Introduction: School Pride Shoes
Instructables inspired me to venture into shoe painting. I've witnessed many a great shoe art grace the instructables virtual gallery and I thought to myself, by golly I should give that a whirl! Here we have my first attempt!
I'm an art teacher for an elementary school and I'm always in sensible shoes, more often than not tennis shoes. I was at the local discount store and they were selling shoes at a ridiculously low prices and I made my move. I bought several pairs but for my first adventure into shoe painting I decided to make some school pride shoes to run around the art room in. I believe teaching children to be proud of their town and their school will help them move forward in their education.
So hang on to your hats instructavillians and I'll share with you just how I made these crazy loud shoes!
Step 1: Materials Needed
Acrylic paint (colors of your choice)
White and black paint pens
Clear spray paint
Step 2: Base Paint
Decide what color your shoes need to be. Our school colors are Red and Blue so I decided, why not make one red shoe and one blue shoe. I gave it a couple of coats to ensure the red was a nice bright red and the blue was a lovely hue.
Step 3: Draw Out Your Design
Our school mascot is the red hawk. The Jr. red hawk is the mascot for the Elementary school. I decided to make our mascot painting the over all school mascot. Think of it like a child looking at his or her future.
I drew straight onto my shoe with my white paint pen looking at a sketch I drew. If you feel confident in your abilities, go for it! (remember if you goof up you can ALWAYS paint over the paint pen and go at it again.)
Now, you might say to me, Miss Poofrabbit, alas I can not draw or the thought of free drawing it on freaks me out. (I promise you that you can, but that's an entire other instructable that one day perhaps I will write.) However, if in doubt, let me tell you a quick way to transfer a printed image.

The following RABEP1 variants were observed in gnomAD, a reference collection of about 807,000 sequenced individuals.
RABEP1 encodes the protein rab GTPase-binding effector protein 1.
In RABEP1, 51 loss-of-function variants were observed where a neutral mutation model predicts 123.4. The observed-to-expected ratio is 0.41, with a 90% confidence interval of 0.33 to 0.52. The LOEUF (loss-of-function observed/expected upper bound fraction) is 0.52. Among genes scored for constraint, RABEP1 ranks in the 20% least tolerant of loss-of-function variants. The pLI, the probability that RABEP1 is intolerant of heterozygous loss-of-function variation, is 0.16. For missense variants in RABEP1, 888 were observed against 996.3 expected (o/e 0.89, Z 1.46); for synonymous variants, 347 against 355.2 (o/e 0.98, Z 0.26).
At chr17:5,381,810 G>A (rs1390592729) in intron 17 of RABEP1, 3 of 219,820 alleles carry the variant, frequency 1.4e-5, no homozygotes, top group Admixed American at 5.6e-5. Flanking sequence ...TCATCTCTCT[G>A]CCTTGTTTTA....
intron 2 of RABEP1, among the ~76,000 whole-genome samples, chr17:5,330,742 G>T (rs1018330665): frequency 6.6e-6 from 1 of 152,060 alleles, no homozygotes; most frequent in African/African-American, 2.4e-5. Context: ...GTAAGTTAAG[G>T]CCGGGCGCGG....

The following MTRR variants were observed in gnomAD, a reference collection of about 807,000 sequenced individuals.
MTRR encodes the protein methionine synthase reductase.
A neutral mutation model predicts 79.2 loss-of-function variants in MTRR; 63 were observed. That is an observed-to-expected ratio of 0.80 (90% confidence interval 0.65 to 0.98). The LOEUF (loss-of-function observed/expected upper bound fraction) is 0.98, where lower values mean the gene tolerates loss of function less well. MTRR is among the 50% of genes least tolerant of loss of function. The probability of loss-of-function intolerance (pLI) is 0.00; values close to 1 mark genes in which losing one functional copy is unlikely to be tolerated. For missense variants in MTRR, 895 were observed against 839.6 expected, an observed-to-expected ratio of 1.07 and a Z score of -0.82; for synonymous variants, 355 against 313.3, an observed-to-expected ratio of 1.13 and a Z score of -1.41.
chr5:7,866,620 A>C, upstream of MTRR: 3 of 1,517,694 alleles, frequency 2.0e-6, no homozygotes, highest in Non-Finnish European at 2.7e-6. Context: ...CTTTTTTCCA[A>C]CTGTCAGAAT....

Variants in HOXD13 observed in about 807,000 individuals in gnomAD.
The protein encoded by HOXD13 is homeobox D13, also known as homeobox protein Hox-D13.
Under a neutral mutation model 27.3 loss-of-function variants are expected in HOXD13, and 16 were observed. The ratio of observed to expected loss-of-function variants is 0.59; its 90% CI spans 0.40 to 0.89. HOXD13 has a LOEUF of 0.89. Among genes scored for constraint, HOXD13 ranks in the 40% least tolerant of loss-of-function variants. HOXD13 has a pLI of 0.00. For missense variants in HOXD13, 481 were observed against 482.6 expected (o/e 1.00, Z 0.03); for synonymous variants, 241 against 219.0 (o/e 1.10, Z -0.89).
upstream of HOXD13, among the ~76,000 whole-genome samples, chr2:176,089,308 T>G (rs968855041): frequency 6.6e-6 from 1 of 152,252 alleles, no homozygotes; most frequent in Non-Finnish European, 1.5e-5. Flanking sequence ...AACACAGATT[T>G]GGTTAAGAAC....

Print out your mascot to the size you need. Cut very close to the image leaving only a little bit of paper around the edge of image. Flip the paper over. (so the printed image is now on the table.) Take a soft leaded pencil and place graphite all over the back of the image. The more graphite the better this will work. Once you have finished flip it over and decided where you want it on your shoe. I would take masking tape and tape the top and bottom of the image to the shoe to help hold it in place. now take a dull pencil and trace over the printed image. What's happening you might ponder? As you are pressing you are transferring the image using the graphite you laid on the back of the image.
Once your image is transferred trace it with a paint pen.
Step 4: Paint by Number
Ok so it's not really paint by number, it's more like paint by coloring book. Fill in the colors of your mascot as needed. Start with your light colors then move to darker colors. I would suggest allowing a little drying time in between colors if you are going for a very graphic look. (Meaning you don't want to mix the colors)
Because these are graphics, looking very much so like our actual mascots I needed them to look flat and pop. A sure fire way to make something look flat flat flat....put a black line around it. With my black paint pen I outlined the images and tossed in some detail.
Step 5: Details
I decided the back of my shoes needed the school letters and of course art, I mean I AM the art teacher. I'd hate for people not to realize that when walking behind me. ;-)
You will also notice I made some color changes, I just wasn't pleased with some of my colors. In small areas I ran back out to my handy dandy local discount store and grabbed a few more paint pens.
Once you are all finish, take the shoes outside and hit them with a few coats of clear spray paint, just to ensure the paint doesn't attempt to escape. (paint pens are a REALLY thin acrylic paint, more about that in Tips & Tricks)
Step 6: Rock Out Your Shoes!
All done, toss the shoes on and go! I've been wearing mine on Fridays, the kids think they are great.
You could wear them to the game, create them as a class project, get a whole bunch of friends to do the same things (I'm currently painting another pair for the gym teacher, I'll post those here when I finish).
Just have fun with them!
Step 7: Tips & Tricks
- If you want to ensure you do not get paint on parts of the shoes you can mask it off with tape.
- Paint pens are wonderful, but keep in mind they are a very very thin acrylic paint, meaning they can chip or rub off with wear. Best to use for small details not the whole shoe, unless you spay paint them with clear paint a ton.
- Do not be afraid to try! They are shoes, and in good news, acrylic paint is opaque, if you make an error let it dry and paint right over it, no big deal.
- Transferring an image is possible and super easy if you are fearful of jumping both feet in.